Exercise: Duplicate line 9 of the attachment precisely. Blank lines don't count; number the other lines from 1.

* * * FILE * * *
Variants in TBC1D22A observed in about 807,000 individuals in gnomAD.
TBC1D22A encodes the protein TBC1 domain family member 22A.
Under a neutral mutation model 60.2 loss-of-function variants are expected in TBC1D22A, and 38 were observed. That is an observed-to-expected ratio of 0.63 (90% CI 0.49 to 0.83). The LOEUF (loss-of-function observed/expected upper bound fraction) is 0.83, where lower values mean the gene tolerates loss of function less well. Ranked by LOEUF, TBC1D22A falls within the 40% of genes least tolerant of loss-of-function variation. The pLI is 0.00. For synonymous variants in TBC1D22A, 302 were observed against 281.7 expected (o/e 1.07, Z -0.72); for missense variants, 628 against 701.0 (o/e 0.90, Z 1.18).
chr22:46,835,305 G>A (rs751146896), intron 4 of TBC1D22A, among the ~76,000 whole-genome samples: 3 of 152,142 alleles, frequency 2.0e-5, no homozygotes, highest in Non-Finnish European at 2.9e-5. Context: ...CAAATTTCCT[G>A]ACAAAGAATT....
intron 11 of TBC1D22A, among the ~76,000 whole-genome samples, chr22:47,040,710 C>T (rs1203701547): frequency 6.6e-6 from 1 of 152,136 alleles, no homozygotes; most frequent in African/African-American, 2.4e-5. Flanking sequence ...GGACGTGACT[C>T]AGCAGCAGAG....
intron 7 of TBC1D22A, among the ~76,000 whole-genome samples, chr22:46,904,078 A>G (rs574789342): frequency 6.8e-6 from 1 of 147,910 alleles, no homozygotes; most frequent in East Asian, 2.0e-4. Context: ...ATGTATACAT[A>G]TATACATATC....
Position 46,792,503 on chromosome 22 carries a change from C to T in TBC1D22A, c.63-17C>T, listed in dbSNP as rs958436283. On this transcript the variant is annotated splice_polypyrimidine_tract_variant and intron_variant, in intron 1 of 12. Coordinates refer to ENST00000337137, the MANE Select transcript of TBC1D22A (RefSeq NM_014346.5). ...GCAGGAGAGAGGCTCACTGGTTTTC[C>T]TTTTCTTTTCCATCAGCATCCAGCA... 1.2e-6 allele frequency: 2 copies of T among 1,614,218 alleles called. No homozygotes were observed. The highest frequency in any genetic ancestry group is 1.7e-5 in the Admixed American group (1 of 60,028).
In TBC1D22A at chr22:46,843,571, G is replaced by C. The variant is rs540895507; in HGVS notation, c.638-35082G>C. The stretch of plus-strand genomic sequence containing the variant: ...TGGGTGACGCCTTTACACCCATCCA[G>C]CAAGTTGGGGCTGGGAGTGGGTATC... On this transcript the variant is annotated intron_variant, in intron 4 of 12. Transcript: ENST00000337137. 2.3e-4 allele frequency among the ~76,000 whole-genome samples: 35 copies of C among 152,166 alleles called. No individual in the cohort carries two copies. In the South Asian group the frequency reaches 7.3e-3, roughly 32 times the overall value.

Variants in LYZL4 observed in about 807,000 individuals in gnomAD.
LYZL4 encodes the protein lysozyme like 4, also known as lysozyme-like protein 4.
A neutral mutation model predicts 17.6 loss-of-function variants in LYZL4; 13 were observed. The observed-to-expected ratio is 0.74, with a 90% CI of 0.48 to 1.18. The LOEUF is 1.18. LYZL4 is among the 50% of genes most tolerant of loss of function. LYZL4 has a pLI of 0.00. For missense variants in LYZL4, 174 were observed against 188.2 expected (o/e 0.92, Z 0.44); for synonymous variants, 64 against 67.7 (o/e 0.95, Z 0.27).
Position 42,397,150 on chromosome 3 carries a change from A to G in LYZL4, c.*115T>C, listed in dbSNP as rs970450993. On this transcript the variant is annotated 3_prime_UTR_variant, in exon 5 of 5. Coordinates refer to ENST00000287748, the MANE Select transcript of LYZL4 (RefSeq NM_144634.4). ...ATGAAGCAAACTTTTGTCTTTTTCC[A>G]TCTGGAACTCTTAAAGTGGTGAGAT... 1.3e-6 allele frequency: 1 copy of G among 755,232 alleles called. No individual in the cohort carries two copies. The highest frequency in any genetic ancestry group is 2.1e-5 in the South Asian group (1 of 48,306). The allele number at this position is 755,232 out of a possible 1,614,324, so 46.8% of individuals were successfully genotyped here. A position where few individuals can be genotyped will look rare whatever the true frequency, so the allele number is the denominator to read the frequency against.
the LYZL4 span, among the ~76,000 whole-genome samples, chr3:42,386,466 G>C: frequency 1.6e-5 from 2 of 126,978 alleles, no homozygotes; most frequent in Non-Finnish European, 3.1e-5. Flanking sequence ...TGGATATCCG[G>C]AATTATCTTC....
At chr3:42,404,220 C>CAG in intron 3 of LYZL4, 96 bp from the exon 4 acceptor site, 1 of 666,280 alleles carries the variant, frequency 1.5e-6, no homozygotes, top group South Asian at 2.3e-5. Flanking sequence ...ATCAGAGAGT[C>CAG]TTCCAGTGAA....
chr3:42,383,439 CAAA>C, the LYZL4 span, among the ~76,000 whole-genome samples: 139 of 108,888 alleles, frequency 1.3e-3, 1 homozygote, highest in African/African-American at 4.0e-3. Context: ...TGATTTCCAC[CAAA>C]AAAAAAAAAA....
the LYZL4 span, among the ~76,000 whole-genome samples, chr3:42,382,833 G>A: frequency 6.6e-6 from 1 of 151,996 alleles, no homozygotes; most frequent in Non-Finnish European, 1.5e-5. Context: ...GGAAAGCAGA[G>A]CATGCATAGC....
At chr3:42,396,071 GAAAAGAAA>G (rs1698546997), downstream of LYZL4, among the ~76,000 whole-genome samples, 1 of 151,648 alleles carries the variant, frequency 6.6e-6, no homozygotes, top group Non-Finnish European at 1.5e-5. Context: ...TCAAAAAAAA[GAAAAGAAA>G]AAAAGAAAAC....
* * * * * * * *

Variants in LYZL4 observed in about 807,000 individuals in gnomAD.